I now declare that "environmental horror movies" will be at the forefront of this genre from now until the polar ice caps melt. Tapping into this market should be interesting because exploiting the fear that our world will slowly die because we are diminishing our resources, will be overshadowed by the message that humans will be eaten alive by some unearthed, prehistoric parasite that has been hibernating inside Woolly Mammoths. The formula is set, so all the writers need to do is pick a location for the horrors to unfold.

If you've been reading my reviews you may already know that the quintessential plot point for a horror movie is to get the characters inside something; a house, a spaceship a train, boat, etc.

In the case of The Thaw it is a once frozen island that is slowly melting (thanks industry smokestacks) to reveal prehistoric creatures and the parasites within them. These creatures can survive thousands of years for some reason, lay eggs and seek hosts.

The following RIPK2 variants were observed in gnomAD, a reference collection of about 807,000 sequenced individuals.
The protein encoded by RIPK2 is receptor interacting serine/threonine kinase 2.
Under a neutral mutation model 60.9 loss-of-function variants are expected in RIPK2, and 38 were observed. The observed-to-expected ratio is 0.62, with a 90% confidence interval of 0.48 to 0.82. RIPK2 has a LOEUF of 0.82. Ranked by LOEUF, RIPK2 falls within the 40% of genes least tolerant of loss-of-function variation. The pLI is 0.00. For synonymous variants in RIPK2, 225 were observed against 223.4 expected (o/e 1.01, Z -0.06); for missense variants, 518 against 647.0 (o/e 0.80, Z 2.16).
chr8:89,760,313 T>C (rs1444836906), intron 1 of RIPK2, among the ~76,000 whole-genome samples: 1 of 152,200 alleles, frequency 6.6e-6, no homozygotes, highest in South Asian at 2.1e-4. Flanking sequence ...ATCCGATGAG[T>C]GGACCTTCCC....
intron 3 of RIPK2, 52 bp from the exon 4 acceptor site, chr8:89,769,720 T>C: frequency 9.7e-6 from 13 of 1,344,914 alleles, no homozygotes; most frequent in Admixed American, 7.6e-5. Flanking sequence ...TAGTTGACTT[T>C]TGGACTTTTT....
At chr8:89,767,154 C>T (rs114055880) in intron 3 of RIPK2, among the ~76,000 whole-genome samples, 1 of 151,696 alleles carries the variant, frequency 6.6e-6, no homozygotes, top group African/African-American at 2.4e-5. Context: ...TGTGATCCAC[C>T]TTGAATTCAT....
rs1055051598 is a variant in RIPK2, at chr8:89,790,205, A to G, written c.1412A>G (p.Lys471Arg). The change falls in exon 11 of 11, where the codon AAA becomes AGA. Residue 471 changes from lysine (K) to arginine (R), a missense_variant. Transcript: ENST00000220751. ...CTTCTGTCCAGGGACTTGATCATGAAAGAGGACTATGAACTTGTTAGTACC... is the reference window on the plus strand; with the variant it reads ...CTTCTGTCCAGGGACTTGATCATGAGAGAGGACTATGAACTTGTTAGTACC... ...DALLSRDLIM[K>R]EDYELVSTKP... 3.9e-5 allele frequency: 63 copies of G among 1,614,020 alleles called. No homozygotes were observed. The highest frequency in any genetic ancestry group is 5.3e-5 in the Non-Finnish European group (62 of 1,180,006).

A neon twist at the end of the film reveals why a group of students have come to this isolated area , but fails to explain their motivations for being there.

Again, Splinter is my choice for anyone wanting to see a horror film of this nature done right. That's not to say The Thaw is bad. It will definitely get your skin crawling and satisfy your need for late night popcorn and an uneasy feeling. The creatures resemble silverfish and burrow into the skin. The females lay eggs and, voila! Flesh eating Larvae.

If you've never seen the show Monsters Inside Me (http://animal.discovery.com/videos/m...neak-peek.html) you don't know what creeped-out really is. I suggest a viewing if you dare.

The acting in The Thaw is not that bad. Lead, Evelyn (Martha MacIsaac), has that Dorothy speaking to Toto voice that takes out some of the urgency of the situation. Val Kilmer is on screen about ten minutes and grunts his lines like he just got out of bed.

Overall The Thaw isn't bad. Brought to you by Ghost House Pictures and "hand selected" by Sam Raimi, the film will not scare you into recycling, but may make you forget the plot is recycled until that last, scaaarry, question mark ending.